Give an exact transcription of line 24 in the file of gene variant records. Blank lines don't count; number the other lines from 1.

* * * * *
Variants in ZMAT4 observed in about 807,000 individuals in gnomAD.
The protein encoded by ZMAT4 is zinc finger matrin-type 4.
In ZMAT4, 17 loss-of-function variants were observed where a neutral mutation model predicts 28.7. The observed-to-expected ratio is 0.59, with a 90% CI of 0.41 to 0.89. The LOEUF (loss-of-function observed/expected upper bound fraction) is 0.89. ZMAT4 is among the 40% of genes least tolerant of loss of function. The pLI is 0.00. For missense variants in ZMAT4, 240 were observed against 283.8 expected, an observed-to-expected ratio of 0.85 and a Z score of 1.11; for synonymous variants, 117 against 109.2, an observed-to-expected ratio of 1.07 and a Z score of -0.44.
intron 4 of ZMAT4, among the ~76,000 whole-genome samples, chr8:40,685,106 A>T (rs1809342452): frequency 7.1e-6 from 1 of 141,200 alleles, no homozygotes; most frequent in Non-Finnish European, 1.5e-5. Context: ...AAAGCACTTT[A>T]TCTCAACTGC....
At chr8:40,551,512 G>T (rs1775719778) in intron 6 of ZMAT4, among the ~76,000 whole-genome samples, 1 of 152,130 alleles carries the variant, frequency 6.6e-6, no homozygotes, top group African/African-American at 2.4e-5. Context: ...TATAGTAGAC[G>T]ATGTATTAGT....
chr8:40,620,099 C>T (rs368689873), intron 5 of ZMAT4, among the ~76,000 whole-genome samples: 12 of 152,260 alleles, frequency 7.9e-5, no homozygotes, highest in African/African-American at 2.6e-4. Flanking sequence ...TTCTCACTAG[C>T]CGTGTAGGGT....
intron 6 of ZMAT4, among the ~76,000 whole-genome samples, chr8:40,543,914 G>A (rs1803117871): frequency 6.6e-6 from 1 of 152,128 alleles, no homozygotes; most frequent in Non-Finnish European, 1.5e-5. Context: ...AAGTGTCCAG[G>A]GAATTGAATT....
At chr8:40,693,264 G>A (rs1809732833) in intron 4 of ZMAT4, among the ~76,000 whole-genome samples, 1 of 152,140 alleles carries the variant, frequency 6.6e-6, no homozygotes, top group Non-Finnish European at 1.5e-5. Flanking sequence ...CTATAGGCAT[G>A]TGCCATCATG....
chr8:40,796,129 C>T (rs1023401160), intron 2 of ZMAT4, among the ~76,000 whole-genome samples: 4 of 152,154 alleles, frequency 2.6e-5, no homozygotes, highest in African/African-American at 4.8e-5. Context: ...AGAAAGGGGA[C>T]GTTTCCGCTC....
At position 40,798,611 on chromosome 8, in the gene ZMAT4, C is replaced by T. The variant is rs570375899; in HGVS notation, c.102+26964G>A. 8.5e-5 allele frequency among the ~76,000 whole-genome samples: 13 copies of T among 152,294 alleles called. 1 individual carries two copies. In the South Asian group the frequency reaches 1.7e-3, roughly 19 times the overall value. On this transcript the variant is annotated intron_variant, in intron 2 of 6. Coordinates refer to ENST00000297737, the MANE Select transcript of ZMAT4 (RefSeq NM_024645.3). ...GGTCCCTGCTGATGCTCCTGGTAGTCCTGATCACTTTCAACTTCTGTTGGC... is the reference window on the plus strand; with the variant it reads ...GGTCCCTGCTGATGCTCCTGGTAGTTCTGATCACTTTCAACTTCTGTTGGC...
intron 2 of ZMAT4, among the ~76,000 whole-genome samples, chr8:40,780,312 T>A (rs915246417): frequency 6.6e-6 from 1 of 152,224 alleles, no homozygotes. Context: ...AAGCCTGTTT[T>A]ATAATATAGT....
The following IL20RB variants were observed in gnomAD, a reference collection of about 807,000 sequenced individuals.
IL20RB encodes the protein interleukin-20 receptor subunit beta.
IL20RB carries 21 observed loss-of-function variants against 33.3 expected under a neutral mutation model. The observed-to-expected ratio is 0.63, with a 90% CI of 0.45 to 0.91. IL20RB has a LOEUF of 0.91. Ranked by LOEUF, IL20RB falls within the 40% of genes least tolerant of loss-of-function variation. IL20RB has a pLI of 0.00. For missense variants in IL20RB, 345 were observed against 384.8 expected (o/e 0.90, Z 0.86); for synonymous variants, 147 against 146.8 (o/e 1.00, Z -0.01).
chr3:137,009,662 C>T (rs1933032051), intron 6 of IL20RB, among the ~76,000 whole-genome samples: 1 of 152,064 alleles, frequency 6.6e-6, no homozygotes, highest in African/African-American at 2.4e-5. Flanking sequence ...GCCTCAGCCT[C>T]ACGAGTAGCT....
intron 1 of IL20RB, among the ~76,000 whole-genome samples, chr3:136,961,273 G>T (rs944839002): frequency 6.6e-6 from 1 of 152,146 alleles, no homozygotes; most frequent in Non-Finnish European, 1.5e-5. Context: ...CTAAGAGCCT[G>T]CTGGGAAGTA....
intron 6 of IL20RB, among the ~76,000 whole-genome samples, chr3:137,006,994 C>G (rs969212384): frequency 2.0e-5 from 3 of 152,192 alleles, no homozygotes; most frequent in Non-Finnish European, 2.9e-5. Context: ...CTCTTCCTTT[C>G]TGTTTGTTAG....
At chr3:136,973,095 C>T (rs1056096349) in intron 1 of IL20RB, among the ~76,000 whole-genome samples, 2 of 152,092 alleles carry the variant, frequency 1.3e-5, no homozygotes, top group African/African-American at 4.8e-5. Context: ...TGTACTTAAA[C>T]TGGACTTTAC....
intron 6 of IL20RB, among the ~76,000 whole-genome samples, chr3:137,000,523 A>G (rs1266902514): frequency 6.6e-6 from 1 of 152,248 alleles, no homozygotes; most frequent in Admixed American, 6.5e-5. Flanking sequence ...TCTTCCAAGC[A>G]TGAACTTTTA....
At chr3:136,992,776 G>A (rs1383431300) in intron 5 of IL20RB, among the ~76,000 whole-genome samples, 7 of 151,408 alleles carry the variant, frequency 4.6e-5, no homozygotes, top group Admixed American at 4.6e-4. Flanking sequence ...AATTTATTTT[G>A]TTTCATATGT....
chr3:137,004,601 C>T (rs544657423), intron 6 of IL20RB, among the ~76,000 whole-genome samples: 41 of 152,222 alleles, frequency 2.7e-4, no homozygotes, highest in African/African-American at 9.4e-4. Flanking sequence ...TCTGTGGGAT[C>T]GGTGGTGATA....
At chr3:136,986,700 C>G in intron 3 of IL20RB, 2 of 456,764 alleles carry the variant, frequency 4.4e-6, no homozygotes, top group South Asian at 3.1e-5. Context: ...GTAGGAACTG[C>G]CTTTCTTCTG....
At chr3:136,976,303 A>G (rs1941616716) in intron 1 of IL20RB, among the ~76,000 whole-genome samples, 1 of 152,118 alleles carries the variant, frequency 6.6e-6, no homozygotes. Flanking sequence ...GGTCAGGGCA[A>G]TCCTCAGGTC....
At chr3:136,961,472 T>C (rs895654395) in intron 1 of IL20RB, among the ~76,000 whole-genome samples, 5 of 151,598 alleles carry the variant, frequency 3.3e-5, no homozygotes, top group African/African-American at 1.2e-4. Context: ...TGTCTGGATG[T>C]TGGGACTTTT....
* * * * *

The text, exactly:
At chr3:136,961,472 T>C (rs895654395) in intron 1 of IL20RB, among the ~76,000 whole-genome samples, 5 of 151,598 alleles carry the variant, frequency 3.3e-5, no homozygotes, top group African/African-American at 1.2e-4. Context: ...TGTCTGGATG[T>C]TGGGACTTTT....